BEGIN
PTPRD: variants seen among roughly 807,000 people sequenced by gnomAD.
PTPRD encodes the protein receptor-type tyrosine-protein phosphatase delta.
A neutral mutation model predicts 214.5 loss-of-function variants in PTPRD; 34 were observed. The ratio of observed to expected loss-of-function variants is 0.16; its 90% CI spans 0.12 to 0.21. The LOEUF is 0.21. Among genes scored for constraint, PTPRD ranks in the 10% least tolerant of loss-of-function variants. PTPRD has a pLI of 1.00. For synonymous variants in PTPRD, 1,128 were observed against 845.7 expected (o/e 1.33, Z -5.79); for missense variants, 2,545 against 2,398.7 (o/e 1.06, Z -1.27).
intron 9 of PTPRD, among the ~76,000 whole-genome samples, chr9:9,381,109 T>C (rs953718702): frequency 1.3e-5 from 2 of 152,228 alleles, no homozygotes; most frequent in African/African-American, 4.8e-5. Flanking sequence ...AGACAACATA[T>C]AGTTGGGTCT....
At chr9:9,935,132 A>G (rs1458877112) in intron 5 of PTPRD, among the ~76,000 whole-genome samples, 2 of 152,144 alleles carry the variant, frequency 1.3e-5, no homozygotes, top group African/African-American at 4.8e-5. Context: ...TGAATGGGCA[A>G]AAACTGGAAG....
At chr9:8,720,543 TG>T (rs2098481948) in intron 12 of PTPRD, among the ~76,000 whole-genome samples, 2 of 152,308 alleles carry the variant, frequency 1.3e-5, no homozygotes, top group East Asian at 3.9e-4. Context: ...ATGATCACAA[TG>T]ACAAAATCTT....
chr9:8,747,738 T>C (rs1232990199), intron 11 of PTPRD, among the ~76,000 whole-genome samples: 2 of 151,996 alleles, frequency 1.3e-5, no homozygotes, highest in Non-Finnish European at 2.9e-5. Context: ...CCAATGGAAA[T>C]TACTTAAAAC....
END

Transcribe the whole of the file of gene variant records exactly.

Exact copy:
PTPRD: variants seen among roughly 807,000 people sequenced by gnomAD.
PTPRD encodes the protein receptor-type tyrosine-protein phosphatase delta.
A neutral mutation model predicts 214.5 loss-of-function variants in PTPRD; 34 were observed. The ratio of observed to expected loss-of-function variants is 0.16; its 90% CI spans 0.12 to 0.21. The LOEUF is 0.21. Among genes scored for constraint, PTPRD ranks in the 10% least tolerant of loss-of-function variants. PTPRD has a pLI of 1.00. For synonymous variants in PTPRD, 1,128 were observed against 845.7 expected (o/e 1.33, Z -5.79); for missense variants, 2,545 against 2,398.7 (o/e 1.06, Z -1.27).
intron 9 of PTPRD, among the ~76,000 whole-genome samples, chr9:9,381,109 T>C (rs953718702): frequency 1.3e-5 from 2 of 152,228 alleles, no homozygotes; most frequent in African/African-American, 4.8e-5. Flanking sequence ...AGACAACATA[T>C]AGTTGGGTCT....
At chr9:9,935,132 A>G (rs1458877112) in intron 5 of PTPRD, among the ~76,000 whole-genome samples, 2 of 152,144 alleles carry the variant, frequency 1.3e-5, no homozygotes, top group African/African-American at 4.8e-5. Context: ...TGAATGGGCA[A>G]AAACTGGAAG....
At chr9:8,720,543 TG>T (rs2098481948) in intron 12 of PTPRD, among the ~76,000 whole-genome samples, 2 of 152,308 alleles carry the variant, frequency 1.3e-5, no homozygotes, top group East Asian at 3.9e-4. Context: ...ATGATCACAA[TG>T]ACAAAATCTT....
chr9:8,747,738 T>C (rs1232990199), intron 11 of PTPRD, among the ~76,000 whole-genome samples: 2 of 151,996 alleles, frequency 1.3e-5, no homozygotes, highest in Non-Finnish European at 2.9e-5. Context: ...CCAATGGAAA[T>C]TACTTAAAAC....